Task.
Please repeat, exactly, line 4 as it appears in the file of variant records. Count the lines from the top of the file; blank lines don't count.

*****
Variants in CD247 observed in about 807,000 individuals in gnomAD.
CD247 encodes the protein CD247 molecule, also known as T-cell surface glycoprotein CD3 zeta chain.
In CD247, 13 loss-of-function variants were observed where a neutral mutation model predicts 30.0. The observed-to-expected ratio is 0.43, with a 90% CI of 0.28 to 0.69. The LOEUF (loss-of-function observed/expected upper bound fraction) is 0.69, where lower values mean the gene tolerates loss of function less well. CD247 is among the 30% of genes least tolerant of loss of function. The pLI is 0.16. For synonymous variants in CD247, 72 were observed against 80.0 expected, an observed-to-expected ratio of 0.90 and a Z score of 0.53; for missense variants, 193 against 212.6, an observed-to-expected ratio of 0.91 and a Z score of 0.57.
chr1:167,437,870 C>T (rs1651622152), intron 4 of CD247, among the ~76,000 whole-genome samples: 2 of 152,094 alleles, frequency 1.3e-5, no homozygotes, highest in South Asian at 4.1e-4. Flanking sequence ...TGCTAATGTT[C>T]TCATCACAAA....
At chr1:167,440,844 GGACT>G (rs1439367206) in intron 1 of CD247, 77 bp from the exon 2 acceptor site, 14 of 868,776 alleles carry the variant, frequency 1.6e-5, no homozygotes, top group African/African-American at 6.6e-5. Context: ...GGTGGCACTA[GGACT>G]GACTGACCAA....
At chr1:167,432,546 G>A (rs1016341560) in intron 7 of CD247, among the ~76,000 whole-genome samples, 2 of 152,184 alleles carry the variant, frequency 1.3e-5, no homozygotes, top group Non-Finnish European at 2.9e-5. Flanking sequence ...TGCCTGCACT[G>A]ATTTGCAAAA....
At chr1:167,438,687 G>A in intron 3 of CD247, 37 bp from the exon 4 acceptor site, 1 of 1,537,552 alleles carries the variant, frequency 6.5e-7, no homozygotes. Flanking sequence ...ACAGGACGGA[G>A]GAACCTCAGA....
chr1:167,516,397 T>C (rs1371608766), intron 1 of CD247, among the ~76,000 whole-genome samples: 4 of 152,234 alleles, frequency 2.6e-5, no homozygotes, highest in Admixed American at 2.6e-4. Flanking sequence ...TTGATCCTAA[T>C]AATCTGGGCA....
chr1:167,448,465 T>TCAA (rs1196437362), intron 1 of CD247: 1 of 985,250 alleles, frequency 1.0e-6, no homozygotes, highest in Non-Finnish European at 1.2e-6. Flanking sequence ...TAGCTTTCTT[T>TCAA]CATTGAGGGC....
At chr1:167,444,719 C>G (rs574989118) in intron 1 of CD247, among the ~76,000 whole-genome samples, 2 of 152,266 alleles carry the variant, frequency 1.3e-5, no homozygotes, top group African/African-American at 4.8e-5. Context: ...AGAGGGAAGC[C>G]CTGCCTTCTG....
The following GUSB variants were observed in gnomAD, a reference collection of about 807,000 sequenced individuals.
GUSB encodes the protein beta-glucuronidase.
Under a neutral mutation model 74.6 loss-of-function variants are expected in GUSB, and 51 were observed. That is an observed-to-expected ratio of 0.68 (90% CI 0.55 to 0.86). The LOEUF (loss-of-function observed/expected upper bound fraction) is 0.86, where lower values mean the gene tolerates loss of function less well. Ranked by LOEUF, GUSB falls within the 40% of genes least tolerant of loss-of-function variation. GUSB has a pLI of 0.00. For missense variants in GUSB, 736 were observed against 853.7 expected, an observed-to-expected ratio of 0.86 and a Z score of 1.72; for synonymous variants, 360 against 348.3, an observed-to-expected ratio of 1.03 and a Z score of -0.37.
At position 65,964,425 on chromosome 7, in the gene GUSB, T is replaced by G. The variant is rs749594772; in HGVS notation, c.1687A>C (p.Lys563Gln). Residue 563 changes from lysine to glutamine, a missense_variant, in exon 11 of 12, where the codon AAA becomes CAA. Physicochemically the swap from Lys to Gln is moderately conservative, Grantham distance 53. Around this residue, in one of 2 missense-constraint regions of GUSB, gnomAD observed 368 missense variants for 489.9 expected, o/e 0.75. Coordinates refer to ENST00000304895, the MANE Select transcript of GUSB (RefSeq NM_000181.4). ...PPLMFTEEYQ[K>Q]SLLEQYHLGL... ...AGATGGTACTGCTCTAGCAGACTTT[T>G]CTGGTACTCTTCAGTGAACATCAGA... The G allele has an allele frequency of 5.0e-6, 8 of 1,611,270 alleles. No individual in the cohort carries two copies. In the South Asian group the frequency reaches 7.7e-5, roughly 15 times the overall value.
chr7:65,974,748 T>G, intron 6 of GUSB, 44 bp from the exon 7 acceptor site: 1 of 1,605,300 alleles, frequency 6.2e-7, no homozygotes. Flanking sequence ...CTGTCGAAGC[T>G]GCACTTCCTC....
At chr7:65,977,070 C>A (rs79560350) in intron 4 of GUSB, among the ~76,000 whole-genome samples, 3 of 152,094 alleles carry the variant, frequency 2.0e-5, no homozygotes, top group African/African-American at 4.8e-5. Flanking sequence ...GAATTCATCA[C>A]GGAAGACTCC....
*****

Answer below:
chr1:167,437,870 C>T (rs1651622152), intron 4 of CD247, among the ~76,000 whole-genome samples: 2 of 152,094 alleles, frequency 1.3e-5, no homozygotes, highest in South Asian at 4.1e-4. Flanking sequence ...TGCTAATGTT[C>T]TCATCACAAA....